Water, Water Everywhere

Part One: Carving and Texturing

By: Jerry Simchuk
Water Water Everywhere

Most carvers want to carve and paint water based on what they think it looks like rather than what they see. Take a good look at the water you want to represent before starting. Photos are a good starting point, but to really understand water movement you should look at actual water. An easy way to study water and create some of the conditions you want to represent is to simply fill up a sink or tub and start creating waves and ripples. Watch how a wave moves when you run your finger through the water, mimicking the way a bird’s leg moves. What does the wake behind your finger look like? How does the water surface change when you pull your hand out as though it were a bird’s foot coming out of the water? 


When you have a project that requires the bird to be in and around water there are elements you want to think about and plan into your water composition. Some elements include the size and shape, surface type, and coloration of the water. 
Size and shape are important to set the tone for your bird. There are times you want the bird to appear small in a vast ocean setting. In the case of this Eurasian spoonbill, I didn’t want the water to dominate the bird, so the water carving was sized in such a way to keep the bird appearing larger than its habitat. Even if the water is larger in length and width, positioning the bird past the edge of the water helps the bird look larger. The top-down shape I immediately think of is an irregular curve. A pleasing shape to our eye is an oval, and many have used this shape. Allow your artistic nature to kick in with a different shape. Think about the direction the bird is looking and turn your shape in that direction. 
The surface can also set an important tone for your project. Portraying ocean birds in rough seas would require creating large-scale waves, while a great blue heron on the hunt in shallow, calm waters will call for a smooth-as-glass surface. With this project, I wanted to represent movement and a light wind. The type of surface you want will determine the technique used to create the finished look. Rougher waters will require a choppy cutting technique, whereas a smooth, slow, rolling wave will be much more gradual and require a smooth cutting technique.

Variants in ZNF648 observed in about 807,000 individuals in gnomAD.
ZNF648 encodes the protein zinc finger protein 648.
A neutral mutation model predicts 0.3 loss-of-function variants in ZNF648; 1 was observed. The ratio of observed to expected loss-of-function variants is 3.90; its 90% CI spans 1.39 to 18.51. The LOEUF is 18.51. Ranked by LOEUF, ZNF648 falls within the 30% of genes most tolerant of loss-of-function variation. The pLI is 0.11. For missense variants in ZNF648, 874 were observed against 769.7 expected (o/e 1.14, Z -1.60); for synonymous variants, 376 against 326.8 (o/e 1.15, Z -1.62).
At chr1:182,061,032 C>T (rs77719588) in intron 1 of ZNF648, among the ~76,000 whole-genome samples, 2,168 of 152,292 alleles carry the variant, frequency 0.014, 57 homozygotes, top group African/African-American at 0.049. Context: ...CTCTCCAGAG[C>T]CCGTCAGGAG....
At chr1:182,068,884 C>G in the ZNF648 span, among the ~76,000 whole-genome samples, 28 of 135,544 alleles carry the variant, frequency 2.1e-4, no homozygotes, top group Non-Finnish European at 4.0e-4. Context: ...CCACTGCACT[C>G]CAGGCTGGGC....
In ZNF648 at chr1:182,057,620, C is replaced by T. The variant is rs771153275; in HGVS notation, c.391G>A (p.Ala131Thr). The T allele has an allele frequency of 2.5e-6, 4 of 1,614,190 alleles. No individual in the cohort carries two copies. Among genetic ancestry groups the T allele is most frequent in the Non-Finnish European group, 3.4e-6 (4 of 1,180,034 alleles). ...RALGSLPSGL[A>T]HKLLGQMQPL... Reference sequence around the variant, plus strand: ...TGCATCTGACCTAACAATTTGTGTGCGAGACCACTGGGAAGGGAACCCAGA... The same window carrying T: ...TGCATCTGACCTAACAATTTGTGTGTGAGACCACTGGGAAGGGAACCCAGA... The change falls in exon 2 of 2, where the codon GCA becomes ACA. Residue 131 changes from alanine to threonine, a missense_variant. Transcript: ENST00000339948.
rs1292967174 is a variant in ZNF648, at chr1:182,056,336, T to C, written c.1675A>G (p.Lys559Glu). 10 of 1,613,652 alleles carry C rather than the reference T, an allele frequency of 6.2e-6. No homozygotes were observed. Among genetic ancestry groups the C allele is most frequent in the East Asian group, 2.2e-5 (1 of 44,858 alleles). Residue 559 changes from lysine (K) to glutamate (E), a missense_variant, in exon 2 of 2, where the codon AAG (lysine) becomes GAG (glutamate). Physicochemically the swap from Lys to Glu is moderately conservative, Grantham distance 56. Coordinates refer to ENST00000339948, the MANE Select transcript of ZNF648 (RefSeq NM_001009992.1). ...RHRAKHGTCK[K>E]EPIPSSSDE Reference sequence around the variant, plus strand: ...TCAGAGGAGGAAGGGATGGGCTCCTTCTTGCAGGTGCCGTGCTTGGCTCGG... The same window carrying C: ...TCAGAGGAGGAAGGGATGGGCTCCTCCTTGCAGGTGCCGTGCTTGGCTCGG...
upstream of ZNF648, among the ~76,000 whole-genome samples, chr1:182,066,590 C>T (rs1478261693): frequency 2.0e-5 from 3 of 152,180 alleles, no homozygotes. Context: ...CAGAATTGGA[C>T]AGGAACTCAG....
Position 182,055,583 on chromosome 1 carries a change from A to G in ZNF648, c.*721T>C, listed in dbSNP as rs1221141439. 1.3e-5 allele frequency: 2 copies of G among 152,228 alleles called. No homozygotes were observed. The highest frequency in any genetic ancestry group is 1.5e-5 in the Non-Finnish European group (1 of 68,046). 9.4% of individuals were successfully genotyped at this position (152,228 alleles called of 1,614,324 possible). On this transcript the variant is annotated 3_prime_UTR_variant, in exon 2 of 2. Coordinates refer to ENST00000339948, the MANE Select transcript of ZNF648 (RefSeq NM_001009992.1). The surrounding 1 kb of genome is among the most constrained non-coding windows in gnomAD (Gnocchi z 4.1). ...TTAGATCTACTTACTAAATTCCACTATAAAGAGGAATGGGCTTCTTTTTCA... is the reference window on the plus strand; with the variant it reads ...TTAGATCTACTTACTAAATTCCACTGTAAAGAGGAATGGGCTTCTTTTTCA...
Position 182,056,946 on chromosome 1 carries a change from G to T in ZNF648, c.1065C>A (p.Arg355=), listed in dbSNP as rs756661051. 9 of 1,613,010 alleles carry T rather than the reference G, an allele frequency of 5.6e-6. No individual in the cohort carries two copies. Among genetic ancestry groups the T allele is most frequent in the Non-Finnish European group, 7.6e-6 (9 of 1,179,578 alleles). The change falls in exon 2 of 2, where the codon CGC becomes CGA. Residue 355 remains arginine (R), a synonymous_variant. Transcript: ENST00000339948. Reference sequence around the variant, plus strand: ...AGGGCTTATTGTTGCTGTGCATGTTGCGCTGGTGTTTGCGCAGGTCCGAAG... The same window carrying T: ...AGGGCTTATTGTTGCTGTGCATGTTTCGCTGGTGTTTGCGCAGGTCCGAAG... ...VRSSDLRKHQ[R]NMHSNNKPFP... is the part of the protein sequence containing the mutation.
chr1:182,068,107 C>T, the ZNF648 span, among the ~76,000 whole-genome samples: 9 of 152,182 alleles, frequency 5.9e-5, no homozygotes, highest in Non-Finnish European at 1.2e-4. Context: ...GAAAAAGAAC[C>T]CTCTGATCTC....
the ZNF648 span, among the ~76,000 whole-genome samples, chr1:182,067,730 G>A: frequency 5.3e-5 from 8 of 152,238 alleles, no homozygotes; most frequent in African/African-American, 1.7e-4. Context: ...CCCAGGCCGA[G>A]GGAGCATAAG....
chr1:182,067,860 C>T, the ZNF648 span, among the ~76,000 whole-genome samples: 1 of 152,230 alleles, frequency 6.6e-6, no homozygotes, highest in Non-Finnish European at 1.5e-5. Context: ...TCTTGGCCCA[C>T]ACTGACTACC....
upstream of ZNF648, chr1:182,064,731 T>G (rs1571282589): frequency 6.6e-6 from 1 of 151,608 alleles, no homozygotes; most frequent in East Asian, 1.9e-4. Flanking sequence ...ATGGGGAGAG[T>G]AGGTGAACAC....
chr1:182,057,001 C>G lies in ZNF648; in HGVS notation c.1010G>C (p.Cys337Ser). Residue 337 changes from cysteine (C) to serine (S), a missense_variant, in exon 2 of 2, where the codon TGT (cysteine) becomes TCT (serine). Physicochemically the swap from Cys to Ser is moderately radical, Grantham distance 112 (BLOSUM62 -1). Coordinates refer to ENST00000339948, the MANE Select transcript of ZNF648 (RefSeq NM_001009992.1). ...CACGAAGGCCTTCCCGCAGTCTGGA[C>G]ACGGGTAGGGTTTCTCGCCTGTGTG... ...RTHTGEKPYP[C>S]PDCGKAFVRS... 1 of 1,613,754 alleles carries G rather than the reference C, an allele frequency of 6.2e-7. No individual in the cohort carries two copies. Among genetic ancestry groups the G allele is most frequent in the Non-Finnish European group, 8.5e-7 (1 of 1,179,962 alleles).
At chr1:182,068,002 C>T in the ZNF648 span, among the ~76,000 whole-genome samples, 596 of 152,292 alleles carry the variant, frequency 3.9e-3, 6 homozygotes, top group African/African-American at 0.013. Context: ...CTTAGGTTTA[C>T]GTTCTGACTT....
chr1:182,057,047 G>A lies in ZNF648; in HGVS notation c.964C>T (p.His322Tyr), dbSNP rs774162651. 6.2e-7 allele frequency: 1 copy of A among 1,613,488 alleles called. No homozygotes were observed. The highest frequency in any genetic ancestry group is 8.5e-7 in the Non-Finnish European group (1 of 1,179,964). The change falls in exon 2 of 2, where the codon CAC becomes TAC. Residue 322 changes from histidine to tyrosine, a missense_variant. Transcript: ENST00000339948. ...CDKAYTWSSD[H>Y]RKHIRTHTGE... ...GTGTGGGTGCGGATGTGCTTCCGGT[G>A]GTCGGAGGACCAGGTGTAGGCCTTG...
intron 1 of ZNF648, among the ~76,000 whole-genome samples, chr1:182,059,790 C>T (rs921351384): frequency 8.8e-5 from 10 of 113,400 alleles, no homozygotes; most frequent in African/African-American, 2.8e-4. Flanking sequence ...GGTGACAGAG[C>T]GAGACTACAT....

Color selection also sets the tone and place for the water you are representing. Water isn’t as blue as one would think. Take a closer look at the body of water where your bird is found and you will likely see greens, browns, and yellows, as well as blues. The tone of blue will vary as well.


Once the main elements of the water are determined you can transfer your idea down onto paper. Thumbnail sketches work great for me. Maybe you need physical objects to help, in which case you can create a clay model or paper model. Any tool that works for you in order to scale the water to your subject is a good tool. 
Once the idea has been flushed out on paper you can enlarge it to actual size and hold your bird pattern next to it for additional adjustments if needed. Most of the time I will draw out the design on a block of wood so any adjustments will occur on the final block. When I cut the block of wood out on the band saw, sometimes I will make a final shape adjustment based on how it feels when I’m following the curves.


In a previous habitat article, I mentioned that creating habitat is a loose and free activity without many set rules that you need to follow, unlike when you are carving a bird. This still holds true with water; however, you still need to follow some rules about how waves interact, and proper flow based on the movement you apply as a reaction to the bird. Even so, this should be a fun part of your project, and if you want a wave higher or lower, go for it.

  1. Find a block of tupelo that will fit both the profile and top view of the water. Look for a piece that has the grain running in the direction of the waves you want to portray. The grain at times can help give you the natural look in a wave. The quality of the wood can matter if you are creating a smooth, calm look; with rough water however, it doesn’t matter as much.

  2. Using the profile view of the bird pattern, place it on the block and draw the top view shape of the water.  
    Adjustments can be made as needed until you are happy with the overall look.

  3. Once you are happy with the shape, cut it out on the band saw. Minor adjustments to the shape can be made while cutting it out. If after you place the bird or pattern on the base and determine it’s not going to work, don’t hesitate to refine the block some more or even pull another block and start again.

  4. Once you are happy with the basic size and shape of the block, draw some reference marks for leg placement, waves, ripples, and so on. This will be important to maintain proper directional movement of the water that will be created.